Cake pan rentals are becoming the rage at local libraries. Packed up with instructions for baking and decorating, the pans are being offered by libraries nationwide and can be checked out with a basic library card. The Brookline, Mass. Public Library is on the leading edge of this lending trend offering some 50 pans to its members, ranging from Bundt pans to those embossed with cartoon characters.
Sara Slymon, Brookline Library Director, says she got the idea to set up a cake pan loan system from a library conference, adding that libraries have long offered loans of products other than books. “It is part of a larger movement, called the ‘library of things,’ “Slymon says. “It is also called loaning ‘unusuals,’ which I like the sound of. We are adding board games to our loans and we plan to add bocce later.”
The Brookline Library started its cake pan loan program last September, initially with cake pans from Slymon’s own kitchen. “I donated a half dozen of my own. I had some really good ones from Williams Sonoma, but my kids are grown and I don’t need an octopus cake pan anymore,” she explains.
While it is too early in the program to pick a most popular cake pan, Slymon predicts pans geared to kid’s birthday parties will be among the pans getting the most use, thanks to the varying whims of small children. “If you have a little one, one year they want an Elmo cake, the next year it’s the Cookie Monster,” she says.
People mostly see the library’s mission as loaning books, and Slymon says she’s gotten some “push back” on stocking a baking pan collection, but she views library lending as a system of loaning things that people “can’t always buy for themselves,” noting that the higher-end cake pans from Nordic Ware and Williams Sonoma are especially in demand.
Not to mention Brookline is in an urban setting and cake pans can take up a lot of room. “In our area, kitchen space is tight,” Slymon says.
The Brookline Library’s cake pan collection is available to anyone in the State of Massachusetts with a library card as part of the 41-member Minuteman Library Network. Other libraries in that system have set up their own cake pan collections, and thanks to a local newspaper article, the Brookline Library has “hit an internet sweet spot,” Slymon says, fielding calls from libraries like one in Council Bluffs, Iowa, about the cake pan program.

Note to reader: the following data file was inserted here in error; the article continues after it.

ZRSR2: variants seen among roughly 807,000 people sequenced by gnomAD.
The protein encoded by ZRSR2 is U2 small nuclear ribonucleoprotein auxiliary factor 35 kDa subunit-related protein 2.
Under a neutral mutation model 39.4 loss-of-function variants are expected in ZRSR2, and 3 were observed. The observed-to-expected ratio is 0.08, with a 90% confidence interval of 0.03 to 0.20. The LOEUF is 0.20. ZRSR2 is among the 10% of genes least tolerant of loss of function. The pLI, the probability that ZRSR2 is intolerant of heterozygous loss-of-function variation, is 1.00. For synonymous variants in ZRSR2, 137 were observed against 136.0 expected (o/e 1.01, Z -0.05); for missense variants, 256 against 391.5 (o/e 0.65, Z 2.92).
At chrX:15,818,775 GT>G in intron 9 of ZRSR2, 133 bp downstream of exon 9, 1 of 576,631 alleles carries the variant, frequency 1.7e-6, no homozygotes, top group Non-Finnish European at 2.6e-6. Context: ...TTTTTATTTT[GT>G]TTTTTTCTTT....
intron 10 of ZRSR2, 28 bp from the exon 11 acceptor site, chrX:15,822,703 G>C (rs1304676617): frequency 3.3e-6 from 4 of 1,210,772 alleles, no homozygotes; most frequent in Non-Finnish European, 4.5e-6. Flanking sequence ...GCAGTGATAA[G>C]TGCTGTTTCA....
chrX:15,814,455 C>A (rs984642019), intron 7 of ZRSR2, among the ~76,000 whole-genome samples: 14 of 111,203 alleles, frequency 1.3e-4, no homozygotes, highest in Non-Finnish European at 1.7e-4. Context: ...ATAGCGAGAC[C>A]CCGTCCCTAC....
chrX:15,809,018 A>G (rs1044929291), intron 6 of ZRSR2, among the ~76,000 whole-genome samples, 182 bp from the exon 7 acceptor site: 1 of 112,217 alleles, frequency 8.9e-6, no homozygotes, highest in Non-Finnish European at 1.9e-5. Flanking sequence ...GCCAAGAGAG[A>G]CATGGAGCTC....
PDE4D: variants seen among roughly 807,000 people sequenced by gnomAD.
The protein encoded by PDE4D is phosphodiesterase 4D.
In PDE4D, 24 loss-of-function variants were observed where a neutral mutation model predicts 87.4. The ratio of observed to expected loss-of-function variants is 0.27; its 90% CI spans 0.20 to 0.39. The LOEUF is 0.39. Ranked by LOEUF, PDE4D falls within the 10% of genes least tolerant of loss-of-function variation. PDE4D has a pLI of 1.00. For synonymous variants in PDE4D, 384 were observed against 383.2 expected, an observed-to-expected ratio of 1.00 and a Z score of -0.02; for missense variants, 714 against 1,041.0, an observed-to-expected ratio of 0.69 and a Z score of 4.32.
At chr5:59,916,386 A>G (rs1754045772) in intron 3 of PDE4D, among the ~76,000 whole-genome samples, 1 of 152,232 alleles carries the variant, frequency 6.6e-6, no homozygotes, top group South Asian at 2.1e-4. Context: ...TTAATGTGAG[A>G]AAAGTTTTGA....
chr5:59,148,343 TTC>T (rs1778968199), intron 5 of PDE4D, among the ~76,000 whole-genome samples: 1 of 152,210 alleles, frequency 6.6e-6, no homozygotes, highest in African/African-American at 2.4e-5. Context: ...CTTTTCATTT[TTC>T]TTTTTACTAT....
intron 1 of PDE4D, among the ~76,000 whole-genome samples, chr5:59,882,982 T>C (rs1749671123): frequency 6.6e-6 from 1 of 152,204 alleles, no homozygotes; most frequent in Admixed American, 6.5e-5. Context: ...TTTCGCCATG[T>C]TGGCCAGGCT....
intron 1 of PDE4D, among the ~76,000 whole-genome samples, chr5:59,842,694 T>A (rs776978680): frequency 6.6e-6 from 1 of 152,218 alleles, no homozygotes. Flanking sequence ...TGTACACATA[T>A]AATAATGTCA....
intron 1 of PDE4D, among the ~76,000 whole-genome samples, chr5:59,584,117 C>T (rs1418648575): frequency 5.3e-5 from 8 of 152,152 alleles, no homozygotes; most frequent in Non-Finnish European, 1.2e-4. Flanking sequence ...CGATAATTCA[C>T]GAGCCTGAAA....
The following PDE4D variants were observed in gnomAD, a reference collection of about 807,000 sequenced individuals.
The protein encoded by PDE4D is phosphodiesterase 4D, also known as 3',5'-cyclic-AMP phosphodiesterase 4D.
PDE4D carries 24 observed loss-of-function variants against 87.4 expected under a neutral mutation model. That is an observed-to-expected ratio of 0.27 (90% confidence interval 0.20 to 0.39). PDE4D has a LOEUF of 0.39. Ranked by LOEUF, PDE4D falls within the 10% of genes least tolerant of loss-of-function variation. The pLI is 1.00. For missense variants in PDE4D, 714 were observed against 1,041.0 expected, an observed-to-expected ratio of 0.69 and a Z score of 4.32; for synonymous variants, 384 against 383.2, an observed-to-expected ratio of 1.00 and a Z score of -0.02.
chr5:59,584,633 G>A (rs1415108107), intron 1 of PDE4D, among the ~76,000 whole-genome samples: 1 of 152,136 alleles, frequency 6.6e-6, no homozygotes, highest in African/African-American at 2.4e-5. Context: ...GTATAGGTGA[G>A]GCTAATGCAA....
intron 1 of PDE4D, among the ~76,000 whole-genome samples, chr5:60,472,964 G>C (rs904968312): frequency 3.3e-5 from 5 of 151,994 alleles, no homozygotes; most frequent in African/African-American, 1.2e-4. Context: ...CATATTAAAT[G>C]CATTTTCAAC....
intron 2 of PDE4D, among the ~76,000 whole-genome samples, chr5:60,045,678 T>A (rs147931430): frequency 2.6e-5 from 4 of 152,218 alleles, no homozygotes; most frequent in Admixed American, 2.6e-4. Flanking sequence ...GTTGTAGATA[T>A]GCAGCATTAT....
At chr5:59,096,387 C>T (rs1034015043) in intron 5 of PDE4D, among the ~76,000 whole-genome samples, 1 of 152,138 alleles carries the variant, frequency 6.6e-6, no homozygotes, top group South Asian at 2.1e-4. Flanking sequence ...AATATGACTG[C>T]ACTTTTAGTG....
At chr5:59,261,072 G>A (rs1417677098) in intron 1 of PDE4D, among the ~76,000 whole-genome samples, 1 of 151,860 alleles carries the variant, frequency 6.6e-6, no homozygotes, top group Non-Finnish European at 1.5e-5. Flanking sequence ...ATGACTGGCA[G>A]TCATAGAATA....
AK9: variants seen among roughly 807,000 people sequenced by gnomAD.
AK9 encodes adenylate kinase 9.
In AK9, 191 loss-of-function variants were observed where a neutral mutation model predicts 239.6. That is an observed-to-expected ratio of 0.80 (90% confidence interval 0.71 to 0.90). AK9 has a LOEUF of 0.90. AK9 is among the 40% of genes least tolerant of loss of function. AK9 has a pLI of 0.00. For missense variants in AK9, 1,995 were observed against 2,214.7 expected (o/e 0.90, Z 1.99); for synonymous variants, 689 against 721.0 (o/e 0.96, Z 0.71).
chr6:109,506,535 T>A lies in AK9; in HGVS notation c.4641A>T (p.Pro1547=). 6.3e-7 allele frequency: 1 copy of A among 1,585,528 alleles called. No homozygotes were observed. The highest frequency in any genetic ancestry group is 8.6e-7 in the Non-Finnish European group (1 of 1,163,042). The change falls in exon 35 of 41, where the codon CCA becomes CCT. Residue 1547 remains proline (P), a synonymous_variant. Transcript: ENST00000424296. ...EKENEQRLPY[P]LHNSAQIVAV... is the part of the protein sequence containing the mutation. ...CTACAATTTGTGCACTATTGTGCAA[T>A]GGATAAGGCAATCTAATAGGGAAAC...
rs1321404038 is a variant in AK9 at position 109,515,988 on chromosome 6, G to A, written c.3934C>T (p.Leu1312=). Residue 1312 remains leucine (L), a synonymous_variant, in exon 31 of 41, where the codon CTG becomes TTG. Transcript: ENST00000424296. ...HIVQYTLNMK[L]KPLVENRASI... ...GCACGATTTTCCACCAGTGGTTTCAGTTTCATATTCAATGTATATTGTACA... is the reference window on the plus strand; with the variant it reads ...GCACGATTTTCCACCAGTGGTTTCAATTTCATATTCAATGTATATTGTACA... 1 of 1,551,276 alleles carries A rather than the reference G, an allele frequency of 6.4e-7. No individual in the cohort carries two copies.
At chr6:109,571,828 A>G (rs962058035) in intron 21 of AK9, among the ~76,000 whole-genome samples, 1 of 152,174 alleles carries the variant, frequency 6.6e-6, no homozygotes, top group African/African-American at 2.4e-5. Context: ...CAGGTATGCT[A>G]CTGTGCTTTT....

Council Bluffs Library Director Kathy Rieger confirms the call and says her library has earmarked some donated money to build the bakeware collection there. Adult Section Manager Ben Johnson is in charge of rolling out the new Council Bluffs Library bakeware section. Johnson, who is stocking the section with mostly Wilton bakeware pieces bought from Amazon.com, is planning on housing the bakeware near the cookbooks.
“We are actually going to catalog the bakeware, just like books,” Johnson says. “The items are going to have a Dewey Decimal number that will fall within the ranges of our baking cookbooks. We have a large cookbook section at the library so there is room to house the bakeware so people looking for cookbooks will come across the pans easily,” he explains.
All the bakeware comes with a Radio Frequency Identifier, the same device that books have to keep people from stealing them. “The bakeware is packed in a plastic bag with instructions from Wilton for decorating that type of cake,” says Johnson. “Also there are instructions about the logistics of returning the bakeware. Don’t return it in the book drop; hand wash before and after use. These are instructions we don’t always put on books, even though we probably could, sometimes.”
And there are other precautions. “All the paper work is laminated, so hopefully that will keep it clean for a while,” he says. “I expect it to be exposed to a whole lot of flour.”
Slymon, who is in the process of building the Brookline cake pan collection, says she would welcome donations from cake pan makers or local retailers and would be happy to give “generous credit” for any donations.
About 55 pans are currently available according to the Brookline Library’s online listing, a range that includes everything from a castle Bundt pan and a heart-shaped Springform pan, to Scooby-Doo and Fire Truck pans. The library’s online listing also prompts visitors toward baking cookbooks like, “The Best of America’s Test Kitchen, Baking Recipes.”